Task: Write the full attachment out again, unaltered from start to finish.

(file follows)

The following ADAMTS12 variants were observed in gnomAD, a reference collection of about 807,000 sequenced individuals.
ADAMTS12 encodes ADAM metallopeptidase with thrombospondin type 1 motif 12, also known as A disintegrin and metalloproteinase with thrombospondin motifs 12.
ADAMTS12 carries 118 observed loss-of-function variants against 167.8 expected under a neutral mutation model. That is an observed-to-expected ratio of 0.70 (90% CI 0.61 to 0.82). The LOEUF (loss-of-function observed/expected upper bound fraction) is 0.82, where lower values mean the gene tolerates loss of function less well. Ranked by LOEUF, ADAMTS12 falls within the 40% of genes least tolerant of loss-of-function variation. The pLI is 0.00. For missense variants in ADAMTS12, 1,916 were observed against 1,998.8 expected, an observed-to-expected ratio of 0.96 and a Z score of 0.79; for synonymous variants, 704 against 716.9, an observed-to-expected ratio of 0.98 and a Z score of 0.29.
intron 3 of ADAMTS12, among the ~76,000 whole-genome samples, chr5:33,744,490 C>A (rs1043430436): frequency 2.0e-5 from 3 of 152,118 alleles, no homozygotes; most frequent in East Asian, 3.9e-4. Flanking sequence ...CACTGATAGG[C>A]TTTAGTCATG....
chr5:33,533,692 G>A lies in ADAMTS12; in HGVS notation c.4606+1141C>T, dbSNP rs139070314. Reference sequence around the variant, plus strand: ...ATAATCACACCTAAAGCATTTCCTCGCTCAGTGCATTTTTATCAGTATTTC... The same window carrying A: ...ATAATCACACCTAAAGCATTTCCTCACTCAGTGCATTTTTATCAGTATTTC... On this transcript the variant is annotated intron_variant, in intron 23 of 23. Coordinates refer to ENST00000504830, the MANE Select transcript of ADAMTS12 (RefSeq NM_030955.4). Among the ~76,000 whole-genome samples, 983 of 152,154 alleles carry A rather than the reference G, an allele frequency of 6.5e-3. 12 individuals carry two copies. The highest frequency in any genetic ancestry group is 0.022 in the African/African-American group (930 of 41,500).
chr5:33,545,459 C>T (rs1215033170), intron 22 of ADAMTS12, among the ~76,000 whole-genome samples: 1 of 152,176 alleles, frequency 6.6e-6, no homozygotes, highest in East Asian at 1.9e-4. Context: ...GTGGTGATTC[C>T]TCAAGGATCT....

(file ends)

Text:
The following ADAMTS12 variants were observed in gnomAD, a reference collection of about 807,000 sequenced individuals.
ADAMTS12 encodes ADAM metallopeptidase with thrombospondin type 1 motif 12, also known as A disintegrin and metalloproteinase with thrombospondin motifs 12.
ADAMTS12 carries 118 observed loss-of-function variants against 167.8 expected under a neutral mutation model. That is an observed-to-expected ratio of 0.70 (90% CI 0.61 to 0.82). The LOEUF (loss-of-function observed/expected upper bound fraction) is 0.82, where lower values mean the gene tolerates loss of function less well. Ranked by LOEUF, ADAMTS12 falls within the 40% of genes least tolerant of loss-of-function variation. The pLI is 0.00. For missense variants in ADAMTS12, 1,916 were observed against 1,998.8 expected, an observed-to-expected ratio of 0.96 and a Z score of 0.79; for synonymous variants, 704 against 716.9, an observed-to-expected ratio of 0.98 and a Z score of 0.29.
intron 3 of ADAMTS12, among the ~76,000 whole-genome samples, chr5:33,744,490 C>A (rs1043430436): frequency 2.0e-5 from 3 of 152,118 alleles, no homozygotes; most frequent in East Asian, 3.9e-4. Flanking sequence ...CACTGATAGG[C>A]TTTAGTCATG....
chr5:33,533,692 G>A lies in ADAMTS12; in HGVS notation c.4606+1141C>T, dbSNP rs139070314. Reference sequence around the variant, plus strand: ...ATAATCACACCTAAAGCATTTCCTCGCTCAGTGCATTTTTATCAGTATTTC... The same window carrying A: ...ATAATCACACCTAAAGCATTTCCTCACTCAGTGCATTTTTATCAGTATTTC... On this transcript the variant is annotated intron_variant, in intron 23 of 23. Coordinates refer to ENST00000504830, the MANE Select transcript of ADAMTS12 (RefSeq NM_030955.4). Among the ~76,000 whole-genome samples, 983 of 152,154 alleles carry A rather than the reference G, an allele frequency of 6.5e-3. 12 individuals carry two copies. The highest frequency in any genetic ancestry group is 0.022 in the African/African-American group (930 of 41,500).
chr5:33,545,459 C>T (rs1215033170), intron 22 of ADAMTS12, among the ~76,000 whole-genome samples: 1 of 152,176 alleles, frequency 6.6e-6, no homozygotes, highest in East Asian at 1.9e-4. Context: ...GTGGTGATTC[C>T]TCAAGGATCT....